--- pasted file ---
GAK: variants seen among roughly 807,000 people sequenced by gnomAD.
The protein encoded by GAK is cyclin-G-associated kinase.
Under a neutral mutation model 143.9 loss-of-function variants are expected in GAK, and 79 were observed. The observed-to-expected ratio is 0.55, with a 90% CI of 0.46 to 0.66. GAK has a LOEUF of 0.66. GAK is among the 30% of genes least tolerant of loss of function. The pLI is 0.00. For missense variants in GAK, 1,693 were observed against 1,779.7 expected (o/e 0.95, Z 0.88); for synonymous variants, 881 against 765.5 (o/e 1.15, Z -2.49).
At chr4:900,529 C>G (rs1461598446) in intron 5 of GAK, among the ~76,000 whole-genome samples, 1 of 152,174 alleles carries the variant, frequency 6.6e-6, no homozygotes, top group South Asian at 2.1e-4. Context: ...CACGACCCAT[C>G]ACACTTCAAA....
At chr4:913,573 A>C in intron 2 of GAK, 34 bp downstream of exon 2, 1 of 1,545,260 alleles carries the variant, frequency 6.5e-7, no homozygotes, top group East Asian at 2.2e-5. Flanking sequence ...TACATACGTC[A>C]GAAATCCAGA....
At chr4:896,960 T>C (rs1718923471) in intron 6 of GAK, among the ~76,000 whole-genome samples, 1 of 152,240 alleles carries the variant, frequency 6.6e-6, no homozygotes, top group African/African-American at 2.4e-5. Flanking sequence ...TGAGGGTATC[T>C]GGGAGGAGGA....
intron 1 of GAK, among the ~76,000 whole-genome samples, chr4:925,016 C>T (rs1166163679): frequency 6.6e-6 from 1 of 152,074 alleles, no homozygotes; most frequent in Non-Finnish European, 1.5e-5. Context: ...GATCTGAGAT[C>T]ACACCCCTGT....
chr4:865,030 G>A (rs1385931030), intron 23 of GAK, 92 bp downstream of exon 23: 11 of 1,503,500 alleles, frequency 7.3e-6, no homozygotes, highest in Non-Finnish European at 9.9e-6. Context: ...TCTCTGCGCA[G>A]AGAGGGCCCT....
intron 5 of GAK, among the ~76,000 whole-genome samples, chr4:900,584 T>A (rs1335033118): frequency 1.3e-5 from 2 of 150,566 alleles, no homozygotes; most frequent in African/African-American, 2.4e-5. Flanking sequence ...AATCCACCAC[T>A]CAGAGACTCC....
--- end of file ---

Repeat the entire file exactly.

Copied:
GAK: variants seen among roughly 807,000 people sequenced by gnomAD.
The protein encoded by GAK is cyclin-G-associated kinase.
Under a neutral mutation model 143.9 loss-of-function variants are expected in GAK, and 79 were observed. The observed-to-expected ratio is 0.55, with a 90% CI of 0.46 to 0.66. GAK has a LOEUF of 0.66. GAK is among the 30% of genes least tolerant of loss of function. The pLI is 0.00. For missense variants in GAK, 1,693 were observed against 1,779.7 expected (o/e 0.95, Z 0.88); for synonymous variants, 881 against 765.5 (o/e 1.15, Z -2.49).
At chr4:900,529 C>G (rs1461598446) in intron 5 of GAK, among the ~76,000 whole-genome samples, 1 of 152,174 alleles carries the variant, frequency 6.6e-6, no homozygotes, top group South Asian at 2.1e-4. Context: ...CACGACCCAT[C>G]ACACTTCAAA....
At chr4:913,573 A>C in intron 2 of GAK, 34 bp downstream of exon 2, 1 of 1,545,260 alleles carries the variant, frequency 6.5e-7, no homozygotes, top group East Asian at 2.2e-5. Flanking sequence ...TACATACGTC[A>C]GAAATCCAGA....
At chr4:896,960 T>C (rs1718923471) in intron 6 of GAK, among the ~76,000 whole-genome samples, 1 of 152,240 alleles carries the variant, frequency 6.6e-6, no homozygotes, top group African/African-American at 2.4e-5. Flanking sequence ...TGAGGGTATC[T>C]GGGAGGAGGA....
intron 1 of GAK, among the ~76,000 whole-genome samples, chr4:925,016 C>T (rs1166163679): frequency 6.6e-6 from 1 of 152,074 alleles, no homozygotes; most frequent in Non-Finnish European, 1.5e-5. Context: ...GATCTGAGAT[C>T]ACACCCCTGT....
chr4:865,030 G>A (rs1385931030), intron 23 of GAK, 92 bp downstream of exon 23: 11 of 1,503,500 alleles, frequency 7.3e-6, no homozygotes, highest in Non-Finnish European at 9.9e-6. Context: ...TCTCTGCGCA[G>A]AGAGGGCCCT....
intron 5 of GAK, among the ~76,000 whole-genome samples, chr4:900,584 T>A (rs1335033118): frequency 1.3e-5 from 2 of 150,566 alleles, no homozygotes; most frequent in African/African-American, 2.4e-5. Flanking sequence ...AATCCACCAC[T>A]CAGAGACTCC....